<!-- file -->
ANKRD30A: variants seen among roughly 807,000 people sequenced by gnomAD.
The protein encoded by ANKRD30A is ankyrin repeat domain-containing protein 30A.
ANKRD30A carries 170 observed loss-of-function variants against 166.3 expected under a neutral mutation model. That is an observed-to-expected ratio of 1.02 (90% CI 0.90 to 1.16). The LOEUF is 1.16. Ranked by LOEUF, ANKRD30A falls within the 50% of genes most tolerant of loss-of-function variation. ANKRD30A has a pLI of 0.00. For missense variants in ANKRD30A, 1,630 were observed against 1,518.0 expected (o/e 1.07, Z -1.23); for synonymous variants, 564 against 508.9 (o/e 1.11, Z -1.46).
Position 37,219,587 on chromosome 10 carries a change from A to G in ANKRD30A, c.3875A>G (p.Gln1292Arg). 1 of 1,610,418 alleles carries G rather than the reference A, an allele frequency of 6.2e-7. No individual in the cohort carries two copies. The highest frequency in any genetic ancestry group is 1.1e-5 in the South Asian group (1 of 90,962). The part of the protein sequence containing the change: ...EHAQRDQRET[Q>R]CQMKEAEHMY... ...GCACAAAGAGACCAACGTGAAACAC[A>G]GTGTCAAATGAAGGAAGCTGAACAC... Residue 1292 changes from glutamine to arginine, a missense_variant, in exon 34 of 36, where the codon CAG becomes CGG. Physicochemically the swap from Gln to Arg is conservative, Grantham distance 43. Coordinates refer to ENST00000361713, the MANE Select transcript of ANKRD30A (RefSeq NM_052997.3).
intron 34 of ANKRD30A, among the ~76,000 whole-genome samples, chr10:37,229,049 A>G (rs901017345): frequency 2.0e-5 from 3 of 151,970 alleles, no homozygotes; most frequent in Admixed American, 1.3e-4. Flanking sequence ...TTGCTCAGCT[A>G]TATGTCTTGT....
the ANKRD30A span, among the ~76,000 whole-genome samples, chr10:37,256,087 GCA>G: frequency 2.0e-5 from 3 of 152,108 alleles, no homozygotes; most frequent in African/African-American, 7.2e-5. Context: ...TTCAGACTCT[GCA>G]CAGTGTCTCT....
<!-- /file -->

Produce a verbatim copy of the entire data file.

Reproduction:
ANKRD30A: variants seen among roughly 807,000 people sequenced by gnomAD.
The protein encoded by ANKRD30A is ankyrin repeat domain-containing protein 30A.
ANKRD30A carries 170 observed loss-of-function variants against 166.3 expected under a neutral mutation model. That is an observed-to-expected ratio of 1.02 (90% CI 0.90 to 1.16). The LOEUF is 1.16. Ranked by LOEUF, ANKRD30A falls within the 50% of genes most tolerant of loss-of-function variation. ANKRD30A has a pLI of 0.00. For missense variants in ANKRD30A, 1,630 were observed against 1,518.0 expected (o/e 1.07, Z -1.23); for synonymous variants, 564 against 508.9 (o/e 1.11, Z -1.46).
Position 37,219,587 on chromosome 10 carries a change from A to G in ANKRD30A, c.3875A>G (p.Gln1292Arg). 1 of 1,610,418 alleles carries G rather than the reference A, an allele frequency of 6.2e-7. No individual in the cohort carries two copies. The highest frequency in any genetic ancestry group is 1.1e-5 in the South Asian group (1 of 90,962). The part of the protein sequence containing the change: ...EHAQRDQRET[Q>R]CQMKEAEHMY... ...GCACAAAGAGACCAACGTGAAACAC[A>G]GTGTCAAATGAAGGAAGCTGAACAC... Residue 1292 changes from glutamine to arginine, a missense_variant, in exon 34 of 36, where the codon CAG becomes CGG. Physicochemically the swap from Gln to Arg is conservative, Grantham distance 43. Coordinates refer to ENST00000361713, the MANE Select transcript of ANKRD30A (RefSeq NM_052997.3).
intron 34 of ANKRD30A, among the ~76,000 whole-genome samples, chr10:37,229,049 A>G (rs901017345): frequency 2.0e-5 from 3 of 151,970 alleles, no homozygotes; most frequent in Admixed American, 1.3e-4. Flanking sequence ...TTGCTCAGCT[A>G]TATGTCTTGT....
the ANKRD30A span, among the ~76,000 whole-genome samples, chr10:37,256,087 GCA>G: frequency 2.0e-5 from 3 of 152,108 alleles, no homozygotes; most frequent in African/African-American, 7.2e-5. Context: ...TTCAGACTCT[GCA>G]CAGTGTCTCT....